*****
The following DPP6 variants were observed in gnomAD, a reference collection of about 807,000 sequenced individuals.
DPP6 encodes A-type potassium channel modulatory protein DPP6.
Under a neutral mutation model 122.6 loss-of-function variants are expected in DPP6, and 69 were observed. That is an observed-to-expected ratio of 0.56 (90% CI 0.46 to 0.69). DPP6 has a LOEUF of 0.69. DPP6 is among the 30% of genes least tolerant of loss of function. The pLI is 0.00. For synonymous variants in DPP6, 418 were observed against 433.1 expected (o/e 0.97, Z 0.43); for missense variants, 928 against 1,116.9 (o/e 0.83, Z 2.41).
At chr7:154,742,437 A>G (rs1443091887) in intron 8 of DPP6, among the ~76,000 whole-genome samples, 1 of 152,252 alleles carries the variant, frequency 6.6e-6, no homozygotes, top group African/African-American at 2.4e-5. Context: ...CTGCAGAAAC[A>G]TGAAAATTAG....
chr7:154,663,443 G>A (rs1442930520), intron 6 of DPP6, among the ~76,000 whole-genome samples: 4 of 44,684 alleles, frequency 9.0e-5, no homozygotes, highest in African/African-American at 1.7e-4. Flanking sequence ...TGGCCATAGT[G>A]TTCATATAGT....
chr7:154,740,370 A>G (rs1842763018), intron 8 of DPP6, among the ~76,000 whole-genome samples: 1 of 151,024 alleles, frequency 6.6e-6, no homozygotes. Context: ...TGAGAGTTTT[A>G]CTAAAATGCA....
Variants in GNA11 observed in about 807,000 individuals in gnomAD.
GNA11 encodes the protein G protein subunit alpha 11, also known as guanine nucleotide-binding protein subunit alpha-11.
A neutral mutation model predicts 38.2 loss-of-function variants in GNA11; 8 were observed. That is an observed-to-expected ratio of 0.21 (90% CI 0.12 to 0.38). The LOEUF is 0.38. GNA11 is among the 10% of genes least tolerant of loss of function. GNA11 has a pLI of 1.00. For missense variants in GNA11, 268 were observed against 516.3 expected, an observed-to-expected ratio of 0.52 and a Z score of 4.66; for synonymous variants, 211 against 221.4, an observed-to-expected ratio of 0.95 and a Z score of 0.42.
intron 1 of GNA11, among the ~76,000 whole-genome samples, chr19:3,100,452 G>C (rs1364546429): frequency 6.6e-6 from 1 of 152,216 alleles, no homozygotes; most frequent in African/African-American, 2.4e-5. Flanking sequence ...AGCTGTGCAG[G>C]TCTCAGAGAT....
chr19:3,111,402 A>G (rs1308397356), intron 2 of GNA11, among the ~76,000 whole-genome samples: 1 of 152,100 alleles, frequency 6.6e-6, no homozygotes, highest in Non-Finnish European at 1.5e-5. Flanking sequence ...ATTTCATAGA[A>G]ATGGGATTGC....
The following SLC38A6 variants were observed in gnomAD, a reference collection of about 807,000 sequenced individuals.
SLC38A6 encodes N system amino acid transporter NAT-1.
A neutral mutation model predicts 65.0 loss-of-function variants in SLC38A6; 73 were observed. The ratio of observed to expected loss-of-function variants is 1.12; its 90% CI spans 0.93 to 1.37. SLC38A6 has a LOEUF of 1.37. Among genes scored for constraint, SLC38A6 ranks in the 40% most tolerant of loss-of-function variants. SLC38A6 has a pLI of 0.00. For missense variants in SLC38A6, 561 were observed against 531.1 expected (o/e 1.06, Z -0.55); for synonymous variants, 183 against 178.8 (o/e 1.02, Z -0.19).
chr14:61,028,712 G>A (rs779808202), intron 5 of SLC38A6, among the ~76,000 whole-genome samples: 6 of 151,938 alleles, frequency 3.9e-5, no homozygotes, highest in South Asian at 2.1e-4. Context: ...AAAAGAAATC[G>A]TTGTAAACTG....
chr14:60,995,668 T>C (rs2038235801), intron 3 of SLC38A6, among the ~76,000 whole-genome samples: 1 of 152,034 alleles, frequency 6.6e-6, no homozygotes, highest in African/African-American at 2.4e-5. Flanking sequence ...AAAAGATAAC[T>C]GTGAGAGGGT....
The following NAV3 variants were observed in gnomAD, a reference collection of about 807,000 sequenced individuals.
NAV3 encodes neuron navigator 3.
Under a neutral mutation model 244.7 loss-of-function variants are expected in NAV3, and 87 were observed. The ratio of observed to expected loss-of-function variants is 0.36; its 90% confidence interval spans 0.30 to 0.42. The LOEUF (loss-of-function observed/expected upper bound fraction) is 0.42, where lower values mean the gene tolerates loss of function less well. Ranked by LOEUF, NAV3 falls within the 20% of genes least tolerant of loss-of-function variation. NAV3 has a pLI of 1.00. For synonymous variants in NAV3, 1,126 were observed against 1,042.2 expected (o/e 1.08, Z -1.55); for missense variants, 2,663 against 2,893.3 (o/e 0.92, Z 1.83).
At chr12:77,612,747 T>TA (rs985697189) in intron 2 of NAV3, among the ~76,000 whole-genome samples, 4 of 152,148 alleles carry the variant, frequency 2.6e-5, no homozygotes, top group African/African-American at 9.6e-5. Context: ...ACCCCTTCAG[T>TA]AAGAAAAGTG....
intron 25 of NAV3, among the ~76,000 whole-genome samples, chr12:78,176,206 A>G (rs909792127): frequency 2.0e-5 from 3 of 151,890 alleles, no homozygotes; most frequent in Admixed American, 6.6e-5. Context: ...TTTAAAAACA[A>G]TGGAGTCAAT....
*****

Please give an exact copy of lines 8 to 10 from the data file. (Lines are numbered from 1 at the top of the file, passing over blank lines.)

GNA11 encodes the protein G protein subunit alpha 11, also known as guanine nucleotide-binding protein subunit alpha-11.
A neutral mutation model predicts 38.2 loss-of-function variants in GNA11; 8 were observed. That is an observed-to-expected ratio of 0.21 (90% CI 0.12 to 0.38). The LOEUF is 0.38. GNA11 is among the 10% of genes least tolerant of loss of function. GNA11 has a pLI of 1.00. For missense variants in GNA11, 268 were observed against 516.3 expected, an observed-to-expected ratio of 0.52 and a Z score of 4.66; for synonymous variants, 211 against 221.4, an observed-to-expected ratio of 0.95 and a Z score of 0.42.
intron 1 of GNA11, among the ~76,000 whole-genome samples, chr19:3,100,452 G>C (rs1364546429): frequency 6.6e-6 from 1 of 152,216 alleles, no homozygotes; most frequent in African/African-American, 2.4e-5. Flanking sequence ...AGCTGTGCAG[G>C]TCTCAGAGAT....